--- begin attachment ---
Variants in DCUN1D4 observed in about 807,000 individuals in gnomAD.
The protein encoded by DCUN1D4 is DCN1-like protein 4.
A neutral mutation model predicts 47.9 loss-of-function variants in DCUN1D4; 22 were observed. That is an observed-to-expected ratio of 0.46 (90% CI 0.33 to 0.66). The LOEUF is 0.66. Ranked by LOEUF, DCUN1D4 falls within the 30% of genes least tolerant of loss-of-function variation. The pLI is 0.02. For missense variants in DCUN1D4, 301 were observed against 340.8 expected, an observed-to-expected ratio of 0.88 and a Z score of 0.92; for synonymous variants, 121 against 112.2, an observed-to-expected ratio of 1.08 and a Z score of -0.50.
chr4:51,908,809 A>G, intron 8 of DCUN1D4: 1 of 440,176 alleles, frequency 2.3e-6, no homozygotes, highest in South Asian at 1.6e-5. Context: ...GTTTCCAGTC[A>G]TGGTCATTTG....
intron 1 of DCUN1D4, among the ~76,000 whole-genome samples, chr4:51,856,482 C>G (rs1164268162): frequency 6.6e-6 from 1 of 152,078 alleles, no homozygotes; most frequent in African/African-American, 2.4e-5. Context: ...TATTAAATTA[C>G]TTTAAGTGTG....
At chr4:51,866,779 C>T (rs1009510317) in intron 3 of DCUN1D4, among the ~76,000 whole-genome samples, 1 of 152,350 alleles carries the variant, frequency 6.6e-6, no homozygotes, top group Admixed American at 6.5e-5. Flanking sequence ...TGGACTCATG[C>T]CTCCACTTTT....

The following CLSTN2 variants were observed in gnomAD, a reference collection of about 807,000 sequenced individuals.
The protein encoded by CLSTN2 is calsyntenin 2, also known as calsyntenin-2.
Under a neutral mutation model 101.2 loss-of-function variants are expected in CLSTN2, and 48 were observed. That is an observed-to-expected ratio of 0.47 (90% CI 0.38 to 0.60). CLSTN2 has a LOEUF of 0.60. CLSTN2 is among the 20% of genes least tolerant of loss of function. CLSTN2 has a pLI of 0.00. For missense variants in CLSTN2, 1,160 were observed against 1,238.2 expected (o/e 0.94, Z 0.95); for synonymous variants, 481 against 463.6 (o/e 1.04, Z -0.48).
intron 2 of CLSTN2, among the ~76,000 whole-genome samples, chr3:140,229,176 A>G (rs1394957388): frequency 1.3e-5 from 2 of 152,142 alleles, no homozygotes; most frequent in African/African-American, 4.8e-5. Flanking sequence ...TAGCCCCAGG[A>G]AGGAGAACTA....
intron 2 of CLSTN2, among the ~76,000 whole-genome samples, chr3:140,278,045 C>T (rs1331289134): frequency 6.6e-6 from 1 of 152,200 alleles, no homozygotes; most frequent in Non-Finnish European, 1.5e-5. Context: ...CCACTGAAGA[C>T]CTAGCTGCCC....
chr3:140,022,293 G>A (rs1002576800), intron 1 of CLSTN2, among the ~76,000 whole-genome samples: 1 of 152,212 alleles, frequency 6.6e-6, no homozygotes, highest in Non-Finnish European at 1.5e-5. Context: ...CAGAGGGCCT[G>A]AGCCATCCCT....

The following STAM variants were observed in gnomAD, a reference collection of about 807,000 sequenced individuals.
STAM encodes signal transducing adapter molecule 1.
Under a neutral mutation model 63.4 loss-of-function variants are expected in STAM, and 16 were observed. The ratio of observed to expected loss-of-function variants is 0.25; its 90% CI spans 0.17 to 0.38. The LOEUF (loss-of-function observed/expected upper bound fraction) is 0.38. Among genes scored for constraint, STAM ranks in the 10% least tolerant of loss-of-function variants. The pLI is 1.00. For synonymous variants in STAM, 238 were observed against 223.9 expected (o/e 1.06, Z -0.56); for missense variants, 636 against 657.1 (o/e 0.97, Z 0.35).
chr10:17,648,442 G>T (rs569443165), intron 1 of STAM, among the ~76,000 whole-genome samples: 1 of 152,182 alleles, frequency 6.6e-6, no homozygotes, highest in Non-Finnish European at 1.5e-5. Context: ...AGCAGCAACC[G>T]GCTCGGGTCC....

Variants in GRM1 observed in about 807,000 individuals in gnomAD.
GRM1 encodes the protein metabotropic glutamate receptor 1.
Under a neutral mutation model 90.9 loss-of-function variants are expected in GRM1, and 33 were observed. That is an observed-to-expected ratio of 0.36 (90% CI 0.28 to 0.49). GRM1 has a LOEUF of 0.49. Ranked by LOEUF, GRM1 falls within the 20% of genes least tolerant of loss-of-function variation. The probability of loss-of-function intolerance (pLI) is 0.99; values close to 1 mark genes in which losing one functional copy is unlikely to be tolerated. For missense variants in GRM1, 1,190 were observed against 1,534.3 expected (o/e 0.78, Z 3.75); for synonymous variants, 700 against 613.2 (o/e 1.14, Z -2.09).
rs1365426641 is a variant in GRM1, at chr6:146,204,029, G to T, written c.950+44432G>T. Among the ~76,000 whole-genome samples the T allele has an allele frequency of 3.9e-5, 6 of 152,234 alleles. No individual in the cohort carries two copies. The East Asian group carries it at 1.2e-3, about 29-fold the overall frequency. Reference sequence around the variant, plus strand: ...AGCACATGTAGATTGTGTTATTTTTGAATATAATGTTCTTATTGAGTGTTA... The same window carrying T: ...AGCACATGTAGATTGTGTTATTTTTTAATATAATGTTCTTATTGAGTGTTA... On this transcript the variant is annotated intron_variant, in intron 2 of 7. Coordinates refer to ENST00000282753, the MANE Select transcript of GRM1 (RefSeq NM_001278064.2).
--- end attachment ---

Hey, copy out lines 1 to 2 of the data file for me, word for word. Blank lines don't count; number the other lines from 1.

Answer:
Variants in DCUN1D4 observed in about 807,000 individuals in gnomAD.
The protein encoded by DCUN1D4 is DCN1-like protein 4.